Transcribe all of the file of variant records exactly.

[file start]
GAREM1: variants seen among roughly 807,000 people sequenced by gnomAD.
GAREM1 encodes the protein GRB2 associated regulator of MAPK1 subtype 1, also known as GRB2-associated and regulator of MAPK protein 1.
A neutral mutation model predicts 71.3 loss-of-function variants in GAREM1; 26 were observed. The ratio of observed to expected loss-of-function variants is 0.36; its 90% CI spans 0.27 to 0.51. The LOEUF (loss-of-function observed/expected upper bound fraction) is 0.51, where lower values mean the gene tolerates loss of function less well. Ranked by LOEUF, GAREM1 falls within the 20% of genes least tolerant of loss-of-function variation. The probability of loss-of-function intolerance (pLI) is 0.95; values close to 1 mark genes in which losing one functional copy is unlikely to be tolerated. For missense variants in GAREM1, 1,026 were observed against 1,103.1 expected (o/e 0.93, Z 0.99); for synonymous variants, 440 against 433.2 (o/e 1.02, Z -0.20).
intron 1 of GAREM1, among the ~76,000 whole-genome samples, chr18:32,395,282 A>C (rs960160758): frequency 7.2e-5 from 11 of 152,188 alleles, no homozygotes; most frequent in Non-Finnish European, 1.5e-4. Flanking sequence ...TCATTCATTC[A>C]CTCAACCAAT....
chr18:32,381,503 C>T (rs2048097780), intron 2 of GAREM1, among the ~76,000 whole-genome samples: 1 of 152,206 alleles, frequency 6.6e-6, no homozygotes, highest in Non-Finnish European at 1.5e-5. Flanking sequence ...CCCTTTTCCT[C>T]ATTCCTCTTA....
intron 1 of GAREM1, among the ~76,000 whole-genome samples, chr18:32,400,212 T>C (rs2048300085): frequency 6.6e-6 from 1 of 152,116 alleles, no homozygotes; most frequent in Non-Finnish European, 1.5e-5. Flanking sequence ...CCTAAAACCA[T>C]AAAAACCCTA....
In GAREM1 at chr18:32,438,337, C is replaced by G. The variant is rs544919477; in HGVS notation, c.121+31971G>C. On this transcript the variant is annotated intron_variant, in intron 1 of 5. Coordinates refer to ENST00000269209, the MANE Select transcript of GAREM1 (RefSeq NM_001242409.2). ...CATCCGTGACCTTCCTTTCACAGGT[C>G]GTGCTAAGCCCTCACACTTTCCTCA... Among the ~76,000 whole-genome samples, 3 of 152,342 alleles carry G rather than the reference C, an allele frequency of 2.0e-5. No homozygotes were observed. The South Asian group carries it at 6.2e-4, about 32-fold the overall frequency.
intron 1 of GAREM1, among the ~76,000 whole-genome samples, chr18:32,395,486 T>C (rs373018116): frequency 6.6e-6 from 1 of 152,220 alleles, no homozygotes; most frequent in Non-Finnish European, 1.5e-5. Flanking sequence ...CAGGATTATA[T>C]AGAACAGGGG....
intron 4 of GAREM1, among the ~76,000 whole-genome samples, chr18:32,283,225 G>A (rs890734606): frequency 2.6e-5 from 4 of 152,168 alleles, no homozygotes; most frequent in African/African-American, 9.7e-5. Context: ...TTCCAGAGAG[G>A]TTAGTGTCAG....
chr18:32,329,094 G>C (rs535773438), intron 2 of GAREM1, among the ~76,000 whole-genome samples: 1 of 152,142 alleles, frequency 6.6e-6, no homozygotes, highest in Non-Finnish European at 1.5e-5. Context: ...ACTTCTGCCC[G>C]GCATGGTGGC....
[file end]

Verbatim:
GAREM1: variants seen among roughly 807,000 people sequenced by gnomAD.
GAREM1 encodes the protein GRB2 associated regulator of MAPK1 subtype 1, also known as GRB2-associated and regulator of MAPK protein 1.
A neutral mutation model predicts 71.3 loss-of-function variants in GAREM1; 26 were observed. The ratio of observed to expected loss-of-function variants is 0.36; its 90% CI spans 0.27 to 0.51. The LOEUF (loss-of-function observed/expected upper bound fraction) is 0.51, where lower values mean the gene tolerates loss of function less well. Ranked by LOEUF, GAREM1 falls within the 20% of genes least tolerant of loss-of-function variation. The probability of loss-of-function intolerance (pLI) is 0.95; values close to 1 mark genes in which losing one functional copy is unlikely to be tolerated. For missense variants in GAREM1, 1,026 were observed against 1,103.1 expected (o/e 0.93, Z 0.99); for synonymous variants, 440 against 433.2 (o/e 1.02, Z -0.20).
intron 1 of GAREM1, among the ~76,000 whole-genome samples, chr18:32,395,282 A>C (rs960160758): frequency 7.2e-5 from 11 of 152,188 alleles, no homozygotes; most frequent in Non-Finnish European, 1.5e-4. Flanking sequence ...TCATTCATTC[A>C]CTCAACCAAT....
chr18:32,381,503 C>T (rs2048097780), intron 2 of GAREM1, among the ~76,000 whole-genome samples: 1 of 152,206 alleles, frequency 6.6e-6, no homozygotes, highest in Non-Finnish European at 1.5e-5. Flanking sequence ...CCCTTTTCCT[C>T]ATTCCTCTTA....
intron 1 of GAREM1, among the ~76,000 whole-genome samples, chr18:32,400,212 T>C (rs2048300085): frequency 6.6e-6 from 1 of 152,116 alleles, no homozygotes; most frequent in Non-Finnish European, 1.5e-5. Flanking sequence ...CCTAAAACCA[T>C]AAAAACCCTA....
In GAREM1 at chr18:32,438,337, C is replaced by G. The variant is rs544919477; in HGVS notation, c.121+31971G>C. On this transcript the variant is annotated intron_variant, in intron 1 of 5. Coordinates refer to ENST00000269209, the MANE Select transcript of GAREM1 (RefSeq NM_001242409.2). ...CATCCGTGACCTTCCTTTCACAGGT[C>G]GTGCTAAGCCCTCACACTTTCCTCA... Among the ~76,000 whole-genome samples, 3 of 152,342 alleles carry G rather than the reference C, an allele frequency of 2.0e-5. No homozygotes were observed. The South Asian group carries it at 6.2e-4, about 32-fold the overall frequency.
intron 1 of GAREM1, among the ~76,000 whole-genome samples, chr18:32,395,486 T>C (rs373018116): frequency 6.6e-6 from 1 of 152,220 alleles, no homozygotes; most frequent in Non-Finnish European, 1.5e-5. Flanking sequence ...CAGGATTATA[T>C]AGAACAGGGG....
intron 4 of GAREM1, among the ~76,000 whole-genome samples, chr18:32,283,225 G>A (rs890734606): frequency 2.6e-5 from 4 of 152,168 alleles, no homozygotes; most frequent in African/African-American, 9.7e-5. Context: ...TTCCAGAGAG[G>A]TTAGTGTCAG....
chr18:32,329,094 G>C (rs535773438), intron 2 of GAREM1, among the ~76,000 whole-genome samples: 1 of 152,142 alleles, frequency 6.6e-6, no homozygotes, highest in Non-Finnish European at 1.5e-5. Context: ...ACTTCTGCCC[G>C]GCATGGTGGC....